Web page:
August 24, 2019  
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Maine Environmental News
Action Alert - Friday, August 23, 2019 

Thanks for visiting Maine Environmental News, a service of RESTORE: The North Woods. MEN is the most comprehensive online source available for links to conservation and natural resource news and events in Maine (and a bit beyond; hey, we're all connected). We have posted summaries and links to 60,000 news articles and announcements. We also post breaking stories and exclusives. Be sure to check not only today's news, but take a look at the headlines from the past several days as well. Articles often come to our attention a few days after they are published. Follow us on Twitter @MaineEnviroNews. ~ Jym St. Pierre, Editor
Rangeley Outdoor Film Festival, Aug 30
Event - Posted - Friday, August 23, 2019 

The Rangeley Trail Town Festival features a variety of short films about the outdoors. At RFA Lakeside Theater, Rangeley, August 30, 7 pm, $6 for adults, $3 for Appalachian Trail hikers and children under 12.
LightHawk Paper Plane Contest
Announcement - Thursday, August 22, 2019 

Enter your best paper airplane design for a chance to have it mailed to thousands in LightHawk's 2019 Holiday Letter. Deadline: October 18, 2019.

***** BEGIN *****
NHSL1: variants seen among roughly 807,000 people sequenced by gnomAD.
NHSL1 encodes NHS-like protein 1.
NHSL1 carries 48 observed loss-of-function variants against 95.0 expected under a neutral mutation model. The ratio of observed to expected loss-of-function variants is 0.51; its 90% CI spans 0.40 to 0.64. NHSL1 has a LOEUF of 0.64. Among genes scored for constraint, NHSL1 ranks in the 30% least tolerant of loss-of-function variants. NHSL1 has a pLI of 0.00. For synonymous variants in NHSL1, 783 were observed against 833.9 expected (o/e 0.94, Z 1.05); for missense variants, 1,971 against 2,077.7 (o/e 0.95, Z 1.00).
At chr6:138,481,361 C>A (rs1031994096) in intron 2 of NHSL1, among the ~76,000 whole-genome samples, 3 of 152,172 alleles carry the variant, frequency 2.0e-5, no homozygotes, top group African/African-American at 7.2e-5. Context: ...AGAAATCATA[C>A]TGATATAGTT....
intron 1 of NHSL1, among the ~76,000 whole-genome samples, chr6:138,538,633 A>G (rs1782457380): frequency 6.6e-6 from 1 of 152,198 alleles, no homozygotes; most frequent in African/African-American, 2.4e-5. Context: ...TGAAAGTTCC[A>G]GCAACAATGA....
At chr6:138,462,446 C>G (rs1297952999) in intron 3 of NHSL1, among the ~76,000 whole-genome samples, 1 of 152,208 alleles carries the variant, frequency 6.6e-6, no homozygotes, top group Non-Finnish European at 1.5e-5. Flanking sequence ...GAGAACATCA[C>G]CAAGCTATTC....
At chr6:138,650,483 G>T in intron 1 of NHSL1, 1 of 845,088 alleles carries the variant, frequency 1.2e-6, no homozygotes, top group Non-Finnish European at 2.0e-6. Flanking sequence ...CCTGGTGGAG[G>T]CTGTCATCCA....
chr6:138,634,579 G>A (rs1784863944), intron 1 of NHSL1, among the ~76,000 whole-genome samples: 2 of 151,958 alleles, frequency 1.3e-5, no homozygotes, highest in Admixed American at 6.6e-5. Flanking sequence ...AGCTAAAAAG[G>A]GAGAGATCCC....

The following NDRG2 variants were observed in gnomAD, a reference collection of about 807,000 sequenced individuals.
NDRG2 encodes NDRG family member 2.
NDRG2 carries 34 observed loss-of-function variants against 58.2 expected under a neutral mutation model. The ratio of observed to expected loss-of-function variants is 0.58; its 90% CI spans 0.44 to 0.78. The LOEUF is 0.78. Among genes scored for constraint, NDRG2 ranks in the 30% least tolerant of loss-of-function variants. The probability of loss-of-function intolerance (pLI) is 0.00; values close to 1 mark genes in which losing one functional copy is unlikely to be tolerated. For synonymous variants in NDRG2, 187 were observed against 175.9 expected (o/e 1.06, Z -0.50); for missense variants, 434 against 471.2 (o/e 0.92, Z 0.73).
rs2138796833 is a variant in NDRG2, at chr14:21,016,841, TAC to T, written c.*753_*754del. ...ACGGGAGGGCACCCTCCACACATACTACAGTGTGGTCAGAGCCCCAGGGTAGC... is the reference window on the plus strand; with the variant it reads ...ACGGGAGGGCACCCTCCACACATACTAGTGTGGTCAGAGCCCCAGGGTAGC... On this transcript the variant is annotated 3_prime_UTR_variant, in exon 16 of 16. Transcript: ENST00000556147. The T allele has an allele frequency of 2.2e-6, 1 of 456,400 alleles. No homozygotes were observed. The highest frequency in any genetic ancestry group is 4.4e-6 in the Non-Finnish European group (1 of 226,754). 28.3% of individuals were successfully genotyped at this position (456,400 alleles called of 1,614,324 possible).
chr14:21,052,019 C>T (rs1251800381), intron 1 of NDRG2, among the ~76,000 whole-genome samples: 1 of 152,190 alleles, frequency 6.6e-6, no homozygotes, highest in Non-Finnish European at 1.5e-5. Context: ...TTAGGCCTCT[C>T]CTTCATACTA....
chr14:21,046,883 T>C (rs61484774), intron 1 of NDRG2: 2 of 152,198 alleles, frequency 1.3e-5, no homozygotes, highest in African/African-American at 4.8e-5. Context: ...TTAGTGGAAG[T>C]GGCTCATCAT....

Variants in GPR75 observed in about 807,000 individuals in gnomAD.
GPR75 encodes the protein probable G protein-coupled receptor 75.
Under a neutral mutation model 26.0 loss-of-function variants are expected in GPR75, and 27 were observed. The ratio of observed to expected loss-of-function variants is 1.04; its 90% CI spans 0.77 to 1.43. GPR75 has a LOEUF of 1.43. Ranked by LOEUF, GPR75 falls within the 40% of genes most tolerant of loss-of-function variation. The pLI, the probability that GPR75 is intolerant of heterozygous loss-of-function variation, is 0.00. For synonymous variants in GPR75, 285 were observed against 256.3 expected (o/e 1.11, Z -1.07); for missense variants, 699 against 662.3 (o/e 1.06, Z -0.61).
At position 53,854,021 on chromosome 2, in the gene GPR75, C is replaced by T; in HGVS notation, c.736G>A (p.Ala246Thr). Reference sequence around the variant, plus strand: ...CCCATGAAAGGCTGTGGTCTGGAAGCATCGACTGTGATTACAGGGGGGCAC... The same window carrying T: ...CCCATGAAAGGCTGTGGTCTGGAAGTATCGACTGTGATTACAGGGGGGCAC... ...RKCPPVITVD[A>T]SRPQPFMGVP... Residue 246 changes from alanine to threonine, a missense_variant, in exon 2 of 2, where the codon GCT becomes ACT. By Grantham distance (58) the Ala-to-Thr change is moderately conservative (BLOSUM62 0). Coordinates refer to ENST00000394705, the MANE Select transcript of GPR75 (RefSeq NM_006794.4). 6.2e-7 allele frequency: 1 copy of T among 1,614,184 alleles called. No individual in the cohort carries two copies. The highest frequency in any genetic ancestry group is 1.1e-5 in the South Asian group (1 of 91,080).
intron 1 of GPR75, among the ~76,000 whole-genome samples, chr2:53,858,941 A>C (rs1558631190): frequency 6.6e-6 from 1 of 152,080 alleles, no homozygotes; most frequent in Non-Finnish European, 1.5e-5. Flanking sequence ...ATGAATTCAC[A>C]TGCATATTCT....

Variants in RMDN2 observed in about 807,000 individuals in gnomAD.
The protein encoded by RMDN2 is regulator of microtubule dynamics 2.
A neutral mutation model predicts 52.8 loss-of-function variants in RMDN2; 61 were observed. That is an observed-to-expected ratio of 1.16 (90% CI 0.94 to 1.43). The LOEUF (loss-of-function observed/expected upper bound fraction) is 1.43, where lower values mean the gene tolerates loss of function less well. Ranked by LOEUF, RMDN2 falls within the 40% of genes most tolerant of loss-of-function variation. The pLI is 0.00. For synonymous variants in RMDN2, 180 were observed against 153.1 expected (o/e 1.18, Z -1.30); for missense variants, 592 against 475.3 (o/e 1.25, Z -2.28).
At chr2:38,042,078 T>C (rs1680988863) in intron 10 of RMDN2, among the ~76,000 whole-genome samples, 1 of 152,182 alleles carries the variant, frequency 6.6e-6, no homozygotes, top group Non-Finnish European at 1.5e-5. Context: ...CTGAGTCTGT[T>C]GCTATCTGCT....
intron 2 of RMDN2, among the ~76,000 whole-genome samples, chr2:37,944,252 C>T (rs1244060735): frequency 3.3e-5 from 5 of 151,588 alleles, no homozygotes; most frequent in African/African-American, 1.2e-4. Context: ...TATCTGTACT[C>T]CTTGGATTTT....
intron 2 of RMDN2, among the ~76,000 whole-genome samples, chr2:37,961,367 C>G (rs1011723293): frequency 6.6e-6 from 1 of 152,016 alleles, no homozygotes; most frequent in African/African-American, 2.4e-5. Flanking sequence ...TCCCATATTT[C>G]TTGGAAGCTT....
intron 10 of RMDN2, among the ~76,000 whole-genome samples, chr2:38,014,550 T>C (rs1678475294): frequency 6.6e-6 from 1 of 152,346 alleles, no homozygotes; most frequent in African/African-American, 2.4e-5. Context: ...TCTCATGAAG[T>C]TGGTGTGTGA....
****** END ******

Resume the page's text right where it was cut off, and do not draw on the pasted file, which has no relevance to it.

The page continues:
BTLT Seeks Community Input on Future Conservation
Announcement - Tuesday, August 20, 2019 

The Brunswick-Topsham Land Trust is seeking community input on its current and future conservation work in Brunswick, Topsham, and Bowdoin. A community survey is available online until September 2.
Butler to speak on conservation, Aug 27
Event - Posted - Tuesday, August 20, 2019 

Conservationist Gil Butler will discuss his efforts to establish outdoor education programs and conservation projects in Maine and throughout North and South America. At College of the Atlantic, Bar Harbor, August 27, 9 am, free, parking on campus is by permit only.
Solo Paddle of Northern Forest Canoe Trail, Aug 27
Event - Posted - Tuesday, August 20, 2019 

Laurie Apgar Chandler will read from and discuss her book “Upwards,” which tells her story as the first woman to solo paddle New England’s 740-mile Northern Forest Canoe Trail. At Bailey Library, Winthrop, August 27, 6:30 pm.
Keeping Acadia Healthy With New Science, Aug 26
Event - Posted - Monday, August 19, 2019 

Abraham Miller-Rushing and Rebecca Cole-Will will discuss how Acadia National Park is facing a triple environmental challenge: global warming, acid rain, and increased visitation. At Bar Harbor, August 26, 5 pm.
Maine’s Seaweed Scene, Sep 26
Event - Posted - Monday, August 19, 2019 

Susan Hand Shetterly and Robin Hadlock Seeley will discuss the importance of protected wild habitats and the critical role of seaweed in the Gulf of Maine. At Moore Community Center, Ellsworth, September 26, 7 pm. Hosted by Downeast Audubon.
Bee apocalypse
Action Alert - Sunday, August 18, 2019 

U.S. agriculture today is 48 times more toxic to honeybees than it was 25 years ago—almost entirely because of neonicotinoid pesticides. It's part of an "insect apocalypse." But instead of taking action, the Trump administration is shredding protections for bees. Will you stand with me in the fight to save the bees? ~ Mayor Ethan Strimling, Portland, Maine